Admittedly, I was a bit nervous to make bruschetta because Ian doesn’t like tomatoes.  I’m a big fan, though.  In fact, one of my favorite cooking scenes from Julie and Julia (I told you I was starting to feel like Ms. Powell), is when Amy Adams makes a delicious-looking chunky bruschetta from red and yellow tomatoes.  Hoping Ian would like it, I summoned the all-powerful combination of garlic, olive oil and basil chanting the phrase from Captain Planet, “With your powers combined...”

He ate his whole plate.

Balsamic Bruschetta

8 tomatoes, diced
⅓ Cup chopped basil
2 cloves garlic, minced
1 Tablespoon balsamic vinegar

1 teaspoon olive oil
¼ teaspoon salt
¼ teaspoon pepper
Sliced french bread, toasted

1.  Combine the tomatoes, basil, and garlic.
2.  Add in the balsamic vinegar, olive oil, salt and pepper.  Stir.  
3.  Toast the french bread by coating one side of each slice with olive oil, place oil-side down on cookie sheet, and cook for 5 minutes in a 350 degree oven.
4.  Top bread with bruschetta and enjoy!

Tuesday, August 9, 2011

Fire Eyes

This is not a post about sexy bedroom eyes or Tyra Bank’s advice to those girls on America’s Next Top Model to “smile with your eyes.”  No, no.  This post is much more serious because I have a big problem with my baby blues.  In fact, they’re watering right now just thinking about it.  Here it is:

Onions make my eyes burn.

I know.  Everyone cries cutting a raw onion.  And in case you’re wondering, here’s why it happens:

When you cut an onion, you break cells, releasing their contents. Amino acid sulfoxides form sulfenic acids. Enzymes that were kept separate now are free to mix with the sulfenic acids to produce propanethiol S-oxide, a volatile sulfur compound that wafts upward toward your eyes. This gas reacts with the water in your tears to form sulfuric acid. The sulfuric acid burns, stimulating your eyes to release more tears to wash the irritant away.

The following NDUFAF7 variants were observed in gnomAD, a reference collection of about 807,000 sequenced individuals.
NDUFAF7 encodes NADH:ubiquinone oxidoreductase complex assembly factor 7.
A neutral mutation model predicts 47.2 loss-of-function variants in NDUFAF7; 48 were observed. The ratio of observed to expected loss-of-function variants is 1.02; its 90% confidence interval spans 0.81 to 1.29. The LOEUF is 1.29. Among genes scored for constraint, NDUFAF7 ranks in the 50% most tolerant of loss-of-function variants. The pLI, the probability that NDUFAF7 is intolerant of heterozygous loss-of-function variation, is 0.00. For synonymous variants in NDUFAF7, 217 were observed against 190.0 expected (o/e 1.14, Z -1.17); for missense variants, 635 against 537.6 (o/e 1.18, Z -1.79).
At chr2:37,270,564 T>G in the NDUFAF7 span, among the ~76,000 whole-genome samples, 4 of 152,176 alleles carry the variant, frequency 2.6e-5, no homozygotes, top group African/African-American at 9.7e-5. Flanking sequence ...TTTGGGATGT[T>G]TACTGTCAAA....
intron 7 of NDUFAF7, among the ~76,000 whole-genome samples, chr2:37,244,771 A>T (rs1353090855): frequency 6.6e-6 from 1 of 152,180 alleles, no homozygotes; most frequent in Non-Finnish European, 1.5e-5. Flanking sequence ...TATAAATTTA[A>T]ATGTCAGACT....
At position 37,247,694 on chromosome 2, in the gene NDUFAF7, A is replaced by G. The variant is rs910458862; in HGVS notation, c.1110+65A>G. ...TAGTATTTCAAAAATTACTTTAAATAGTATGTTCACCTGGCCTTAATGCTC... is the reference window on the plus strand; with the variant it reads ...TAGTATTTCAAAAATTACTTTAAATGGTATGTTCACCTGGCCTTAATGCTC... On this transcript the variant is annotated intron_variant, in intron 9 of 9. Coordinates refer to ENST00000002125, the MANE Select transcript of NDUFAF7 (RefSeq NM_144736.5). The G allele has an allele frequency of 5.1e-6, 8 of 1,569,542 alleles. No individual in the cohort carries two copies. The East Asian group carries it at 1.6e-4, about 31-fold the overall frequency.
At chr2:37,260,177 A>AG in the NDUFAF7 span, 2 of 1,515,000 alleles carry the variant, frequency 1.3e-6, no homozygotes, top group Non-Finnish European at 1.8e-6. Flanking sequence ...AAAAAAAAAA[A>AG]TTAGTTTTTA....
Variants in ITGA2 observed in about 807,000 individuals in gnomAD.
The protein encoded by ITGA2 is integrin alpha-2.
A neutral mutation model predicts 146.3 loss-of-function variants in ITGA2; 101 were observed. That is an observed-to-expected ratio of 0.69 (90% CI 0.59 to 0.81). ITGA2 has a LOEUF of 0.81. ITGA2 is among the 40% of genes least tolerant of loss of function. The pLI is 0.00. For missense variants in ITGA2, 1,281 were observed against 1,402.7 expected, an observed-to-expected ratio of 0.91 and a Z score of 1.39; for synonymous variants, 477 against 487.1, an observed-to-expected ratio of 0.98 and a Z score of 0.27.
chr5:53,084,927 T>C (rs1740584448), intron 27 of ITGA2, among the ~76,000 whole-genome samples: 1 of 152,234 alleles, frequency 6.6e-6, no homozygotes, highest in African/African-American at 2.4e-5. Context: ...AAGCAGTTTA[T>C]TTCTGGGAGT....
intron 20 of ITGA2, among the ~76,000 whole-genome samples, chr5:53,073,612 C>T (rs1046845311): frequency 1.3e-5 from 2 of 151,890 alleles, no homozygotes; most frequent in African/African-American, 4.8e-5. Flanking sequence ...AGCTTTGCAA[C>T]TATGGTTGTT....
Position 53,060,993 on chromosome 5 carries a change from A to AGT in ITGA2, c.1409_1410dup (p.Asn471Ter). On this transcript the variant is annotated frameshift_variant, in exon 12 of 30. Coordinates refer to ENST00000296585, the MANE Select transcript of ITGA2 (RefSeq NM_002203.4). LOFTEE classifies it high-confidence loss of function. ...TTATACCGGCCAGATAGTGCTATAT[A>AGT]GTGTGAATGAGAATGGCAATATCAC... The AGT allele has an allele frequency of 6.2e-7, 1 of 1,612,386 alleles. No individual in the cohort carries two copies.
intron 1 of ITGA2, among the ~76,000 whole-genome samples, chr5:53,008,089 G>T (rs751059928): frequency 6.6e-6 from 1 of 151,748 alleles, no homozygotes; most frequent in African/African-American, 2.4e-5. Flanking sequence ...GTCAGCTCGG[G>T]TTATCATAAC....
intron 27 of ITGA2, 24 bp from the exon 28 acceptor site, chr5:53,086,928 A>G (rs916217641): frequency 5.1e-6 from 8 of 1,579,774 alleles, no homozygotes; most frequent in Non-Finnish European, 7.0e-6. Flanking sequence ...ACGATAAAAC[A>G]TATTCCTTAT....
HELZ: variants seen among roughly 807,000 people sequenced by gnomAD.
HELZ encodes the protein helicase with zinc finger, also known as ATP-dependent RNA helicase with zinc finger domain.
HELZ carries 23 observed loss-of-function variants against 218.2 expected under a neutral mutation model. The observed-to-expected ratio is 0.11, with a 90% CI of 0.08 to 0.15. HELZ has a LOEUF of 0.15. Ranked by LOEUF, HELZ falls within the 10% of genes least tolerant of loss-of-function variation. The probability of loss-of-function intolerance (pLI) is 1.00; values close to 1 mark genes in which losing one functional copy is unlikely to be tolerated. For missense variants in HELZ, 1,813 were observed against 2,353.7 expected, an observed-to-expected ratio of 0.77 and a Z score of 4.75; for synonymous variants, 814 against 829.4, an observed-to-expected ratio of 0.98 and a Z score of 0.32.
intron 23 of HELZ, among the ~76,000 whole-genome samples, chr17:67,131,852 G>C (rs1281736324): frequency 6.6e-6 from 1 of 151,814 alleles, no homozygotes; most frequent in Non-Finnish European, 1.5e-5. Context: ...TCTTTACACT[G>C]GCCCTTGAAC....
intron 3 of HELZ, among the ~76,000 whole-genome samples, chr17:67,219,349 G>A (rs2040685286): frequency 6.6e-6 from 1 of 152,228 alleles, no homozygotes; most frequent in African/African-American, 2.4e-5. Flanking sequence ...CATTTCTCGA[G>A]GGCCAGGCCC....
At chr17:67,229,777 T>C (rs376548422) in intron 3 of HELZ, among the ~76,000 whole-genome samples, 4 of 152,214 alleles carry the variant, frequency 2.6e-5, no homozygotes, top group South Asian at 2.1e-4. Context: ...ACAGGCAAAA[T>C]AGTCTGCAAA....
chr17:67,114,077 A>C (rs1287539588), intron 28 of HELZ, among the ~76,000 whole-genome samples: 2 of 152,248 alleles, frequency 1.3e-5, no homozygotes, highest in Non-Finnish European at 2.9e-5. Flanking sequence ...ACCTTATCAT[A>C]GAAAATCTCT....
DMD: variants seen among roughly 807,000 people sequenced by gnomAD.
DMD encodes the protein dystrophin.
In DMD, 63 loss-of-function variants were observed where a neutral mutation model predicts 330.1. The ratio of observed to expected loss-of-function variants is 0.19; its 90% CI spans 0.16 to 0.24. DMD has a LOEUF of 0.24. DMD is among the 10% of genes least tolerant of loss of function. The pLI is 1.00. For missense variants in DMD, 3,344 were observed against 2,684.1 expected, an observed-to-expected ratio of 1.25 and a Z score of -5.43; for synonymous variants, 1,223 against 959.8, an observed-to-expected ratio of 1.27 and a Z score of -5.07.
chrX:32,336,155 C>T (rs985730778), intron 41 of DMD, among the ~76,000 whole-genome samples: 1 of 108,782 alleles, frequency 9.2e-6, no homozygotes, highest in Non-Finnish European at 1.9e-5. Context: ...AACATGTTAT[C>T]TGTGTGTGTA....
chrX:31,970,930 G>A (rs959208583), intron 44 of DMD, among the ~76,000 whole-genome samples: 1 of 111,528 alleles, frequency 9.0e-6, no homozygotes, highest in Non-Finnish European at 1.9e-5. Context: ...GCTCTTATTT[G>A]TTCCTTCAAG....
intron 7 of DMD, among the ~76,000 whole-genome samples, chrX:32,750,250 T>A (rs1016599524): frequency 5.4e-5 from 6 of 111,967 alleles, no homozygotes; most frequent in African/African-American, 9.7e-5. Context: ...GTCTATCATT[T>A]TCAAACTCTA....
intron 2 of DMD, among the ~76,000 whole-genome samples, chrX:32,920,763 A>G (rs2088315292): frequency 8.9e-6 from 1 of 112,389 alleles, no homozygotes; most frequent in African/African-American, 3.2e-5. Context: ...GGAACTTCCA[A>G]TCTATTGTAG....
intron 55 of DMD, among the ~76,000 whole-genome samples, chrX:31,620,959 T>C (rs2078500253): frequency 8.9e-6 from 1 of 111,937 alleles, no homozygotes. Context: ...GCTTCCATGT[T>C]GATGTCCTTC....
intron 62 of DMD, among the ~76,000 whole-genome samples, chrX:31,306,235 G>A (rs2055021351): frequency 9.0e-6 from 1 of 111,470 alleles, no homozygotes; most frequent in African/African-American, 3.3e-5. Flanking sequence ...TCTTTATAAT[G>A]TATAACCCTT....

Onions may make everyone cry, but I think I’m a unique case.  Not only do I cry slicing onions, I scream out in pain like I’m being tear-gassed by riot police in London.  I cut them up roughly and throw them in the pan like I’m doing a Quick Fire challenge on Top Chef.  And God forbid a recipe call for finely diced onions.  Whenever that’s happened I’ve always had to call in an extra set of hands to monitor the stovetop as I pass out on the couch with a damp washcloth over my eyes, looking like a trench warfare victim from WWI.  

But I refuse to stop cooking with onions because they’re so tasty.  My eyes might be watering writing this, but my stomach is growling.  So I do what I can to minimize the burning: I refrigerate the onions for days before I use them, and I’ve tried lighting a candle next to the cutting board.  For the record, the former works better than the latter.

Well, folks, I’m writing to announce that I’ve discovered the best Fire Eyes prevention strategy yet.  Forget refrigeration and candles, this strategy treats onions as what they really are: acid-bearing edible bulbs.   I first used this technique my sophomore year of high school when I made Christmas breakfast for my parents, but I resurrected it today preparing my Mexican Pasta. Roughly chopping the onions and moaning in pain at my stinging, dripping eyes, I had a sharp longing to own one of those emergency eye wash stations that were always collecting dust in the corner of my science classrooms. We never had to use it because we used something else to protect our eyes from dangerous chemicals. So set your vanity aside and prepare to never cry over an onion again:

Safety first with goggles

It's very important to put the goggles on before you start crying over the onions. Otherwise you'll trap the acidic vapors in your goggles and it will feel like a thousand bees are stinging each of your eyes. Not like I've done that before or anything.

Sunday, August 7, 2011

Amish White Bread